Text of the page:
Sunday, April 28, 2019

My First Opera

Who knew I'd love the opera so much? I, for one, should have, when you consider how many movies, songs, books, and works of art I love that have been influenced by it or described as "operatic." How many figure skaters have I swooned over while they glided across the ice to excerpts from Tosca, La Bohème, or that singular right of passage for virtually every solo female athlete, Carmen? And I have been known to get quite involved at times with various soap operas, both the daytime and nighttime varieties, and they don't call them soap "operas" for nothing. I love The Phantom of the Opera! I adore The Umbrellas of Cherbourg! What was holding me back from a full blown infatuation with actual opera?

I guess, in my mind, it always seemed a little fusty. Too dated, too dull, too highfalutin. The language barrier shouldn't have been an issue, but it probably wasn't a selling point, either. I never actively disliked opera, I just didn't seek it out. My knowledge was essentially limited to Menotti's Amahl and the Night Visitors, because my mother owned the record album and, from the first time I heard it as a child, I've always found it enchanting. But it was commissioned by NBC for television and it's sung in English; It's contemporary, and it's very accessible. It's essentially a kiddie opera (and I mean no disrespect when I say that). It never inspired me to seek out older, more sophisticated works.

I never really thought much about my subconscious bias against opera until I had a chance to see Verdi's La Traviata at the Met last weekend. I'd been to The Met once before, to see the radiant Misty Copeland in Giselle, but those were nosebleed balcony seats. Still great, but very far away for someone with no opera glasses. We had box seats this time around, reasonably priced because of the partially obstructed view. Much closer, and much cooler. You go up to the balcony, then back down a side flight of stairs, then "behind the red curtain" to get there. "Like a Baz Luhrmann movie," I gushed. It would be the first of many times that night that Luhrmann would cross my mind. The second came moments later when I looked towards the stage and saw a sheer screen emblazoned with a single, giant camellia. Very dramatic, and maybe a little modern?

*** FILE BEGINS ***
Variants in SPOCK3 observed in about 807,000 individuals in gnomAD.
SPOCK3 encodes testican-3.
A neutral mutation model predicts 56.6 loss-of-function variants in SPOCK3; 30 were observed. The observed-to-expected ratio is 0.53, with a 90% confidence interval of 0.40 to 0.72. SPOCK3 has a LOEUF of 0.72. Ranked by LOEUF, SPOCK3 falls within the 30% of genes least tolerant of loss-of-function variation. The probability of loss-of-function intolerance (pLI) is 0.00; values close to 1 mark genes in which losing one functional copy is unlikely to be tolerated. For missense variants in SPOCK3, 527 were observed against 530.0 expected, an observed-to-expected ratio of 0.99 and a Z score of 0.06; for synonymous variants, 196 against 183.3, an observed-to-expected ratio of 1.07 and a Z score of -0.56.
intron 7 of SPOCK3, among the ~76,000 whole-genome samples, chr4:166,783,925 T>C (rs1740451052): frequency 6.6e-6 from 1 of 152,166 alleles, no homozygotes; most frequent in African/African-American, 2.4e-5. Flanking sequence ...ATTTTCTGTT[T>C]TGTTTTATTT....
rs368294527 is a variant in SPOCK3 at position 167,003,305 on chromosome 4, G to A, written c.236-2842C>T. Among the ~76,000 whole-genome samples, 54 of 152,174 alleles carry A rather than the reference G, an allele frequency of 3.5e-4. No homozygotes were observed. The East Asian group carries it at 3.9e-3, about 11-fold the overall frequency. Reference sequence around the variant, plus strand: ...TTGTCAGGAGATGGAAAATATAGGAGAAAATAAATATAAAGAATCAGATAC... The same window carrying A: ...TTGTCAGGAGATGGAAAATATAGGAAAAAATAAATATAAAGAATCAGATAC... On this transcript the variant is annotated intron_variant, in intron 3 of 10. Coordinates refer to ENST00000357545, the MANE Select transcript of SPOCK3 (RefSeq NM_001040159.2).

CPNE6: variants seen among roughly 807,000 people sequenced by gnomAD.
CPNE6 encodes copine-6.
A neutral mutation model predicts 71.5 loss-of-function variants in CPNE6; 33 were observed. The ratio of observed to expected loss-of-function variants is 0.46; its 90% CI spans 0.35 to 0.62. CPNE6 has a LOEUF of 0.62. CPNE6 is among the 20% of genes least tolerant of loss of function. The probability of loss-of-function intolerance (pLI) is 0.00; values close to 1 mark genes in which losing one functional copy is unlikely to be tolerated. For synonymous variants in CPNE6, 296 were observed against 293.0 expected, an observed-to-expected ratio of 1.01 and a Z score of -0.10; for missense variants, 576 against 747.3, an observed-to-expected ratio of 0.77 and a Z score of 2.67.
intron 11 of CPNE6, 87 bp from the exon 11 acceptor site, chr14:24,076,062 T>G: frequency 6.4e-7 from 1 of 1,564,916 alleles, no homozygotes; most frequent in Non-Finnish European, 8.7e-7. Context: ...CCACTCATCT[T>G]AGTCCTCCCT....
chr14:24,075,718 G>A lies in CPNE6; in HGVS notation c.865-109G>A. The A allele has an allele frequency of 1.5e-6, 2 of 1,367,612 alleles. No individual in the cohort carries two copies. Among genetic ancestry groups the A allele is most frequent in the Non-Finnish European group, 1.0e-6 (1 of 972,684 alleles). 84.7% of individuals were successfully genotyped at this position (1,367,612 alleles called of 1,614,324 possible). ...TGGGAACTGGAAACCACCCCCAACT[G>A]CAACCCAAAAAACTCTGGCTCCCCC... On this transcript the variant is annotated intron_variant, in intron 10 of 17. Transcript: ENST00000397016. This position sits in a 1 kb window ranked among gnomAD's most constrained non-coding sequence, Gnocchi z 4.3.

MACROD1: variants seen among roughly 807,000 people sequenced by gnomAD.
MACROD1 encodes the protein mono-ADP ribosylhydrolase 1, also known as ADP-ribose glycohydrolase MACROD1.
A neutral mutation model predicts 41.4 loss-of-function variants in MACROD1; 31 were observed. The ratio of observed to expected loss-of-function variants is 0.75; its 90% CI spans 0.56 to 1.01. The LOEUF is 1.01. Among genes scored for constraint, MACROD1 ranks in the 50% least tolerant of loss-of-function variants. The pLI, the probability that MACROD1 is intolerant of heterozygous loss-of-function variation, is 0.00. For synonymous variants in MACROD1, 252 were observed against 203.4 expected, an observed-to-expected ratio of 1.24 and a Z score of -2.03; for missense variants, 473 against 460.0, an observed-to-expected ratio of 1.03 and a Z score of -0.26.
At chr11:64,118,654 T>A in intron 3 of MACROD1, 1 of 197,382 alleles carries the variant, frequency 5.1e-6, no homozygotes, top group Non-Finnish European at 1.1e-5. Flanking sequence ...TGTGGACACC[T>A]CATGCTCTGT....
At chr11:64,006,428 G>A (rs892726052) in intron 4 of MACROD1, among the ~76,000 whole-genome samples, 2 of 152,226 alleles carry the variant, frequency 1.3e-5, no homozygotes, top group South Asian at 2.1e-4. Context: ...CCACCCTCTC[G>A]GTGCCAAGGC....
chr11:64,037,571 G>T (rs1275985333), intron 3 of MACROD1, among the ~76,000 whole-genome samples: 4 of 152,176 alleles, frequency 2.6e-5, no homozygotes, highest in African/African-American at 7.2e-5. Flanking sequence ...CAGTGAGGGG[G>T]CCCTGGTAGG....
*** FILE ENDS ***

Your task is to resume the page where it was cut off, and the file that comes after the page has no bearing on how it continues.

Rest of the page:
"What's this?" I asked my husband, when I noticed a small bar affixed to a stanchion in front of my seat. The translator. Oh. Honestly, it hadn't occurred to me that there would be subtitles. I figured it'd be like when Edward takes Vivian to the opera in Pretty Woman, assuring her that she wouldn't need to understand what the performers were saying, because the music was "very powerful." Fun fact: Edward and Vivian attend a performance of La Traviata. I didn't know that beforehand, but I recognized the music almost immediately (I may not be an opera aficionado but I've seen Pretty Woman a lot).

The translator took a little getting used to, because it's almost like watching a subtitled film, but I hated to tear my eyes away from the action even for a moment. Because once the lights dimmed and the screen lifted I didn't want to look anywhere but that stage. I adapted pretty quickly, though. And not every single line is translated. You get the gist, and you don't need much more than that.

The story's a fairly simple one. Violetta, a celebrated Parisian courtesan, is committed to her rock 'n roll lifestyle, even though her health is suffering because of her hardcore partying. A long-time admirer, Alfredo, declares his love for her. At first she rebuffs him, swears love is not for her, but then she warms to him. They become an item, but Alfredo's father Giorgio disapproves of his son shacking up with a woman of ill repute. Fearing her notoriety will tarnish the family name, Giorgio implores Violetta to break things off with Alfredo. There are tears, a public shaming at a fancy party, and an eleventh hour reconciliation between the lovers before the big, tragic finale.

Placido Domingo is the superstar here, the big name draw, and the crowd appropriately went wild for him when he made his entrance in Act II. Anita Hartig plays Violetta, and though all three leads have ample time on stage she's the one who does the heaviest lifting, because it's her story. I could talk about how astonishing the singing is, how technically impressive and emotionally resonant. I could talk about the work that goes into creating the sets and costumes, which are equally astonishing. It's like a Disney movie come to life. So much color, detail, and splendor. But that stuff is surely a given when you attend an opera at the Met. And while I can't speak to how this production measures up to others I can only say that, for me, it was exhilarating.